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Judge Howard Manning

Judge Howard Manning

Sen. Phil Berger

Sen. Phil Berger

The relationship between Judge Howard Manning and North Carolina’s public education system is complicated. For years the veteran Wake County Superior Court judge has presided over the implementation of the the Leandro court ruling that requires that every student in the state be given the opportunity to obtain a “sound basic education.”

At times and to his great credit, Manning has railed at state leaders for not funding education programs adequately and just generally not doing what the state state constitution requires. At other times, however, he seems to buy in to the cockamamie notion so frequently espoused by the current leadership of the General Assembly that North Carolina can get where it needs to go simply by demanding better methods, higher standards and  harder work from teachers and school administrators.

Both of these aspects of Manning’s oversight of the case are on display in this article in today’s Raleigh News & Observer which details a new report he has released on the subject. Read More

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In case you missed them. here are two responses worth checking out this morning to last week’s state Supreme Court’s decision on pre-K and the General Assembly’s typically thickheaded response. First, there is this excellent editorial from this morning’s Fayetteville Observer:

“North Carolina’s legislative leaders, having stepped out of the path of an oncoming train, now wish to be hailed for their splendid judgment. Read More

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The state Supreme Court issued its ruling today (see below) on a case centering around the state’s pre-kindergarten services, and whether the state legislature had improperly imposed restrictions to the program.

The court found the legislature had passed changes in 2012 legislation that undid many of the legal issues that had been before the court. The court then remanded the case back to the Court of Appeals to vacate the July 2011 trial court decision by Judge Howard Manning that expanded the pre-K program from what was called for in 2011 legislation.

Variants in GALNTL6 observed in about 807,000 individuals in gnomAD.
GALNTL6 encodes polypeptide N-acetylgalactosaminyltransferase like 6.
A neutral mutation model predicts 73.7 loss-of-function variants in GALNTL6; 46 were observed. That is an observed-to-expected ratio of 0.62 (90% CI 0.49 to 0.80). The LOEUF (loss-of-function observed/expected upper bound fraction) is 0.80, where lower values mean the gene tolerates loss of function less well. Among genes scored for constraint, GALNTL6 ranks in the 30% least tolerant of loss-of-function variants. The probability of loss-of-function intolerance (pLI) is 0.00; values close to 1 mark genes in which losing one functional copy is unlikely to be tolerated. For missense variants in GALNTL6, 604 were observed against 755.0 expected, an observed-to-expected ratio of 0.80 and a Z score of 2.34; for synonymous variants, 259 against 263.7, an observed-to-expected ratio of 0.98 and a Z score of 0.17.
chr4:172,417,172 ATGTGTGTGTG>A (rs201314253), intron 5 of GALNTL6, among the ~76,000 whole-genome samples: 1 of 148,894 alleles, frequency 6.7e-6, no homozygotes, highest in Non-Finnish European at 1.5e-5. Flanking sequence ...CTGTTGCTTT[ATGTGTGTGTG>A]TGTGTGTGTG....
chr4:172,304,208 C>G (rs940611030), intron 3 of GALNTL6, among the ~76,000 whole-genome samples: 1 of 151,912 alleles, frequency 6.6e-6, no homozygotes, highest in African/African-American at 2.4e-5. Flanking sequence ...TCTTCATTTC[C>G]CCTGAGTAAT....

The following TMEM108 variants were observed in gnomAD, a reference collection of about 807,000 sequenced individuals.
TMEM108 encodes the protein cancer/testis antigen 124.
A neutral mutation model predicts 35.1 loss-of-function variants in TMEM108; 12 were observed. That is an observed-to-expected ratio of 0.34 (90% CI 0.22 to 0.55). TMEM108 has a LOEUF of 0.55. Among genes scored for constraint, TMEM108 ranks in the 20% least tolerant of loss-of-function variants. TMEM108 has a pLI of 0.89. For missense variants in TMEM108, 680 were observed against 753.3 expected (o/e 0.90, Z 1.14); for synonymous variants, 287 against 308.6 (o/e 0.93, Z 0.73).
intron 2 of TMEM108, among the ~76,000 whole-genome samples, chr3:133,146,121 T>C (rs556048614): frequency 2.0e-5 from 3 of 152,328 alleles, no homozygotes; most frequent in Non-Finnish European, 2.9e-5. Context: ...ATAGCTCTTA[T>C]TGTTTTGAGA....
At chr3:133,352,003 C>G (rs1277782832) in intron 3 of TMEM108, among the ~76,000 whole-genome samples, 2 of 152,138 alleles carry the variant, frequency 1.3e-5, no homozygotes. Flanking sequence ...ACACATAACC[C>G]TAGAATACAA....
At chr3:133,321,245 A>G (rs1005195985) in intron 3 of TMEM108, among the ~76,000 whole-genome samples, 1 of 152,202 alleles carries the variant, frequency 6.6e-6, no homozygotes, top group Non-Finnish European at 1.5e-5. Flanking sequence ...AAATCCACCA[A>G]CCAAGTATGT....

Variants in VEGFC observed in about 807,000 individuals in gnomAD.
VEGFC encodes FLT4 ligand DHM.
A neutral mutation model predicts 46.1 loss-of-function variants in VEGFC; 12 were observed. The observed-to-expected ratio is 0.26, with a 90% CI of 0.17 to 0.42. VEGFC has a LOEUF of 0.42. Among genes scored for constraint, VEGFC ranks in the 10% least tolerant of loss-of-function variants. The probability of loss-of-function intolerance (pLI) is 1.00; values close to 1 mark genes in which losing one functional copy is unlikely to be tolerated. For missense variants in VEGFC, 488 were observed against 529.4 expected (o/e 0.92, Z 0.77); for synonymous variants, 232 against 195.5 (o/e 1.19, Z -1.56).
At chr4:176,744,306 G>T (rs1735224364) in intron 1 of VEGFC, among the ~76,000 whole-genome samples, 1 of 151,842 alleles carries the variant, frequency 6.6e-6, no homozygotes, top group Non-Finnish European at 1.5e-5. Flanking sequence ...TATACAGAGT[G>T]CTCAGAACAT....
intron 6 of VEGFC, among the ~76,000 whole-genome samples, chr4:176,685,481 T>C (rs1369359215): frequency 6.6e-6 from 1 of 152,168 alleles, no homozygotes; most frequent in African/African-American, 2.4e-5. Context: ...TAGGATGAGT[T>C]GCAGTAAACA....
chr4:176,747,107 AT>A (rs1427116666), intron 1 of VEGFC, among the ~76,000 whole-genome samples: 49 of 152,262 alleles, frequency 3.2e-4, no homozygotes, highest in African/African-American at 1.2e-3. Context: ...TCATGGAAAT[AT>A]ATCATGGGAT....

Today’s ruling won’t have any immediate effect on the pre-K offerings in the state, with funding and slots staying the same.

A “per curiam” decision was made, meaning that all of the N.C. Supreme Court justices were in agreement with today’s ruling vacating Manning’s decision.

Today’s ruling also appears to leave open how the justices felt about the 2012 changes made by the legislature, and reaffirmed the court’s prior rulings in the decades-old Leandro case about how the state delivers on its constitutional promise guaranteeing “every child of this state an opportunity to receive a sound basic education in our public schools.”

“We express no opinion on the legislation now in effect because questions of its constitutionality are not before us,” the justice’s wrote in today’s opinion. “Our mandates in Leandro and Hoke remain in full force and effect.”

For more background on the case click here for this excellent rundown by N.C. Policy Watch’s Sharon McCloskey.

 

preKleandro.pdf by NC Policy Watch

 

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A three-judge panel of the North Carolina Court of Appeals issued a unanimous ruling this morning upholding Superior Court Judge Howard Manning’s ruling from the summer of last year that:

“The State of North Carolina shall not deny any eligible at-risk four year old admission to the North Carolina Pre-Kindergarten Program (NCPK) and shall provide the quality services of the NCPK to any eligible at-risk four year old that applies.”

The court also upheld Manning’s decision to invalidate state budget provisions that interfere with such a result.

It’s clearly time for the General Assembly to stop stonewalling on this constitutional mandate and appropriate the money necessary to do this critical job NOW.